End of UniTeam: A brewing civil war?

End of UniTeam A brewing civil war

Philippine politics has entered the realm of absurdity with vengeance and verve. Not long ago, countless folks foolishly cheered on the controversial shutdown of ABS-CBN at the height of a devastating pandemic.

Anyone with a functioning gray matter would know that the virtual purge of the country’s legacy media outlet from the airwaves would not have been possible under “normal” conditions. By normal, what I mean is the presence of a rule of law as well as a constitutionally compliant commander in chief.

Regardless of the supposed merits of the case against the renewal of ABS-CBN’s franchise, the manner by which its executives were publicly humiliated and its legacy systematically berated underscores the vicious politicization of a supposedly routine, legalistic process. Under President Rodrigo Duterte—a medieval petty tyrant, who luckily found himself at the helm of a 21st-century democracy—what we saw was a classic case of rule by law, namely the weaponization of existing laws to serve a particular political interest.

While some rivals may have had their reasons to delight in the downfall of the country’s largest media outlet, the reality is that the Philippines’ media landscape changed forever—and arguably for the worse—after ABS-CBN was bumped off the airwaves. Even worse, how the giant media network was cut down to size set a perilous precedence. All of a sudden, the Fourth Estate was a shockingly vulnerable target for politicos.

Barely three years later, another media outlet is facing an even starker prospect. Following a series of spirited committee hearings at the House of Representatives, the controversial Sonshine Media Network International (SMNI) could see its franchise revoked altogether in the near future.

Two of its most prominent anchors, meanwhile, were humiliated by feisty legislators and forced into detention after refusing to divulge the source of seemingly baseless allegations against the House leadership. In response, they tried to pull off their own “Mandela moment” by supposedly engaging in a “hunger strike,” while posturing as modern-day “heroes.” The antics were greeted with mockery and laughter online.

The problem is that SMNI is nothing like ABS-CBN. Not only does it lack the latter’s panache and decades-long legacy of world-class journalism, but the very “journalism” of its star anchors and overall modus operandi has come under question.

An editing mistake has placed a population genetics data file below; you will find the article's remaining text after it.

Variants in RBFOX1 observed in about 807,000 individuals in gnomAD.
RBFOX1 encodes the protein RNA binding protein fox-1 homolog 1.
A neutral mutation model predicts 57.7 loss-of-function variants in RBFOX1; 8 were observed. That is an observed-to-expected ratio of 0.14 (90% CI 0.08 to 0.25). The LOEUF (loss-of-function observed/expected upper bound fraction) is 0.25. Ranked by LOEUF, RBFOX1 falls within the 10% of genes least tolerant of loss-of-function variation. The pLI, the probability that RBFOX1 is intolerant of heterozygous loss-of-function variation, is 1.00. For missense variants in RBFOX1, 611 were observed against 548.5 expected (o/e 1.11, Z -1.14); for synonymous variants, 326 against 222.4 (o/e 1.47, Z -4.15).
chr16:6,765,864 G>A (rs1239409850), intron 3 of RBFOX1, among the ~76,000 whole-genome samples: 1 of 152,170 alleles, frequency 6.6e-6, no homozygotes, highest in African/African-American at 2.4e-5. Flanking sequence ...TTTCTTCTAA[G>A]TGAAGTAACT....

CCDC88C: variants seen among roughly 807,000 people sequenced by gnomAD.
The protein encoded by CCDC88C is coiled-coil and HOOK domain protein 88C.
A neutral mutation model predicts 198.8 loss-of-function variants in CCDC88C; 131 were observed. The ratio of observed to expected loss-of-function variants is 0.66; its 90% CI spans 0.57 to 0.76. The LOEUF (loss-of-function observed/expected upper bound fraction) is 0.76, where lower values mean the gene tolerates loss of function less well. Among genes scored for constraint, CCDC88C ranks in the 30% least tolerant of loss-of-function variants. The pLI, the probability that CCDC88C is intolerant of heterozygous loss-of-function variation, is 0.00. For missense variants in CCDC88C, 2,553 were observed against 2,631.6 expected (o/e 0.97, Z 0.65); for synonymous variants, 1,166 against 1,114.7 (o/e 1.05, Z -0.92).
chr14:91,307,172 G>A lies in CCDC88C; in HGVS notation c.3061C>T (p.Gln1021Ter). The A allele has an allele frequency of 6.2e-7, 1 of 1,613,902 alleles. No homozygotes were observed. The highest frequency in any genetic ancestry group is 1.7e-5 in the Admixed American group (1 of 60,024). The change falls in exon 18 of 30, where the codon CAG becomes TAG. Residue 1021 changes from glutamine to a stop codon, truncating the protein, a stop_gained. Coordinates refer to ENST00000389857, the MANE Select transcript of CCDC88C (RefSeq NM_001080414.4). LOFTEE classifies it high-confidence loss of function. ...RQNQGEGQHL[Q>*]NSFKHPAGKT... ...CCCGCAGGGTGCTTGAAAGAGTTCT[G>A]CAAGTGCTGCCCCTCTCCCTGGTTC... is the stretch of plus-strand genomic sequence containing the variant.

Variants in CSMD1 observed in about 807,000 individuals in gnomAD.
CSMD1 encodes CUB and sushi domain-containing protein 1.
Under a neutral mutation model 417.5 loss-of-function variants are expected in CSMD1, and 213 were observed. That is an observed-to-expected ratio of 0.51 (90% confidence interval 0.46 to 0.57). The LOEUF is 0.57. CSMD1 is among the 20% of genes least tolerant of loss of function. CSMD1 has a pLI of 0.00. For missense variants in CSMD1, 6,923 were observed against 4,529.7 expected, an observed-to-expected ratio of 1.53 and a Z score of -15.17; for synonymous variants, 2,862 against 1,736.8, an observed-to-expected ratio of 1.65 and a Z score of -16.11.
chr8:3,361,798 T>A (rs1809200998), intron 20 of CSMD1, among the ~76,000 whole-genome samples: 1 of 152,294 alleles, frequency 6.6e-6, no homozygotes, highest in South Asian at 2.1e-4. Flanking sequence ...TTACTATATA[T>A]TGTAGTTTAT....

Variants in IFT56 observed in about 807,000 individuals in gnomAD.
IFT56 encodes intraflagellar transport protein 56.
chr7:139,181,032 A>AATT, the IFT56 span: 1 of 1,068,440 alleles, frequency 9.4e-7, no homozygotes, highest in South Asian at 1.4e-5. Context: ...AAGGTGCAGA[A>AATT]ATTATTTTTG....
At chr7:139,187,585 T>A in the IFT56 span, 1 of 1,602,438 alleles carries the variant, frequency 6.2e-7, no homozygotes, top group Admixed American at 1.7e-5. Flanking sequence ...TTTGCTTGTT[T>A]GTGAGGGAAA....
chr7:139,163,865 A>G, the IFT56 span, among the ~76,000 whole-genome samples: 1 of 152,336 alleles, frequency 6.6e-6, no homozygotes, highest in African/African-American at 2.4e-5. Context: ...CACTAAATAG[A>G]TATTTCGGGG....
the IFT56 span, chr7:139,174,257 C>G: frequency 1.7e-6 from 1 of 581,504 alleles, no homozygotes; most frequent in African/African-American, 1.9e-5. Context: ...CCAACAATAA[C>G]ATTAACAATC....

The Sotto law, which provides legal protection for journalistic confidentiality, was arguably not applicable in this case since the controversial network was neither relying on accredited journalists nor verifiable evidence for its faux exposés.

Netizens were quick to point out the “poetic justice” behind the impending downfall of the former president’s home network, which is allegedly owned by his pastor friend from Davao. But critics must be careful what they wish for since yet another perilous precedence could be set here.

If anything, something far bigger than the fate of an upstart, Philippine-style Fox News channel is at stake. Just as SMNI faced an existential threat, Vice President Sara Duterte essentially echoed the controversial network’s alt-right line when she publicly and directly criticized the Marcos administration’s peace negotiations with communist rebels as a Faustian bargain.

The episode reflected three important things. First, she no longer seems to have a direct line to the President in any meaningful sense of the word, notwithstanding President Marcos’ rhetorical reassurances.

Second, she is dispensing with any plausible deniability: for more than a year, the Vice President personally maintained cordial ties with the President under the fig leaf of “unity,” while her father and his proxies conducted the public relations offensive against the Marcos administration.

At times, the former president practically lawyered for his increasingly besieged daughter. Whenever the Vice President contradicted the President’s policy preference, notably calling for a ceasefire in Gaza in October, she did it with considerable subtlety. And then, everything changed. Following the release of former senator Leila de Lima, her father’s most ardent critic, and the potential entry of the International Criminal Court into the picture, she decided to drop the gauntlet.

And this brings us to the most important point: she is likely preparing her base for a potential long-term struggle against an emerging grand coalition composed of Marcos loyalists, centrist politicos, liberal reformists, and even some progressives, who all have an axe to grind against the Dutertes.